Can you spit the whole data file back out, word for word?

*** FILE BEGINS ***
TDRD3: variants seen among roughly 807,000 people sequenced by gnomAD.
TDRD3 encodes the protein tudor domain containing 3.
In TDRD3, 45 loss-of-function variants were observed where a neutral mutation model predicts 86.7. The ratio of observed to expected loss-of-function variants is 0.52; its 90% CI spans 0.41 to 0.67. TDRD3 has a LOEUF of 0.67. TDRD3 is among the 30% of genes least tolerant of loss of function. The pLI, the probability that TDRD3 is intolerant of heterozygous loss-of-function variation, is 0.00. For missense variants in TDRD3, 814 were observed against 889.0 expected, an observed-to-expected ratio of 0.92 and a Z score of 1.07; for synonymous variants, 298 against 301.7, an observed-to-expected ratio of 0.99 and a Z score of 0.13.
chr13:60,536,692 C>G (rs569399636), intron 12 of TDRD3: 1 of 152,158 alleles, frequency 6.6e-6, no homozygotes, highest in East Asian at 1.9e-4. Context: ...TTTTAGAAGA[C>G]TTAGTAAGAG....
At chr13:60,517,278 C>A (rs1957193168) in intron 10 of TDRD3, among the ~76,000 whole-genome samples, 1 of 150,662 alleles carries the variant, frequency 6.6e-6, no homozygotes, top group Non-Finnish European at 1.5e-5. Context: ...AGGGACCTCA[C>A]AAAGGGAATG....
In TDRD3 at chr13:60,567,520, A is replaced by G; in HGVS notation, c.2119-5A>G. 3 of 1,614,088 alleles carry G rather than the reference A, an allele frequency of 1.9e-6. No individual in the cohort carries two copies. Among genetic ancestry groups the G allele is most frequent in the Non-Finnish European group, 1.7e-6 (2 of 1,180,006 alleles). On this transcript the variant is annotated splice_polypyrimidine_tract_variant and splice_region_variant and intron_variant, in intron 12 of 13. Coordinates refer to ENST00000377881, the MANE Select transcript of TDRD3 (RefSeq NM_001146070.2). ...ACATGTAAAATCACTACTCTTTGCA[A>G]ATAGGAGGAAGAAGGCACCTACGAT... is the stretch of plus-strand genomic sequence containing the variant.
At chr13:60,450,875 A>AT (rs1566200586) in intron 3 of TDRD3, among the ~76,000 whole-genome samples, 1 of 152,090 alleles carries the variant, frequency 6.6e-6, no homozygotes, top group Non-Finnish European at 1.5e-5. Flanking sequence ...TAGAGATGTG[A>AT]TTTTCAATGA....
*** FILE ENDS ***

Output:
TDRD3: variants seen among roughly 807,000 people sequenced by gnomAD.
TDRD3 encodes the protein tudor domain containing 3.
In TDRD3, 45 loss-of-function variants were observed where a neutral mutation model predicts 86.7. The ratio of observed to expected loss-of-function variants is 0.52; its 90% CI spans 0.41 to 0.67. TDRD3 has a LOEUF of 0.67. TDRD3 is among the 30% of genes least tolerant of loss of function. The pLI, the probability that TDRD3 is intolerant of heterozygous loss-of-function variation, is 0.00. For missense variants in TDRD3, 814 were observed against 889.0 expected, an observed-to-expected ratio of 0.92 and a Z score of 1.07; for synonymous variants, 298 against 301.7, an observed-to-expected ratio of 0.99 and a Z score of 0.13.
chr13:60,536,692 C>G (rs569399636), intron 12 of TDRD3: 1 of 152,158 alleles, frequency 6.6e-6, no homozygotes, highest in East Asian at 1.9e-4. Context: ...TTTTAGAAGA[C>G]TTAGTAAGAG....
At chr13:60,517,278 C>A (rs1957193168) in intron 10 of TDRD3, among the ~76,000 whole-genome samples, 1 of 150,662 alleles carries the variant, frequency 6.6e-6, no homozygotes, top group Non-Finnish European at 1.5e-5. Context: ...AGGGACCTCA[C>A]AAAGGGAATG....
In TDRD3 at chr13:60,567,520, A is replaced by G; in HGVS notation, c.2119-5A>G. 3 of 1,614,088 alleles carry G rather than the reference A, an allele frequency of 1.9e-6. No individual in the cohort carries two copies. Among genetic ancestry groups the G allele is most frequent in the Non-Finnish European group, 1.7e-6 (2 of 1,180,006 alleles). On this transcript the variant is annotated splice_polypyrimidine_tract_variant and splice_region_variant and intron_variant, in intron 12 of 13. Coordinates refer to ENST00000377881, the MANE Select transcript of TDRD3 (RefSeq NM_001146070.2). ...ACATGTAAAATCACTACTCTTTGCA[A>G]ATAGGAGGAAGAAGGCACCTACGAT... is the stretch of plus-strand genomic sequence containing the variant.
At chr13:60,450,875 A>AT (rs1566200586) in intron 3 of TDRD3, among the ~76,000 whole-genome samples, 1 of 152,090 alleles carries the variant, frequency 6.6e-6, no homozygotes, top group Non-Finnish European at 1.5e-5. Flanking sequence ...TAGAGATGTG[A>AT]TTTTCAATGA....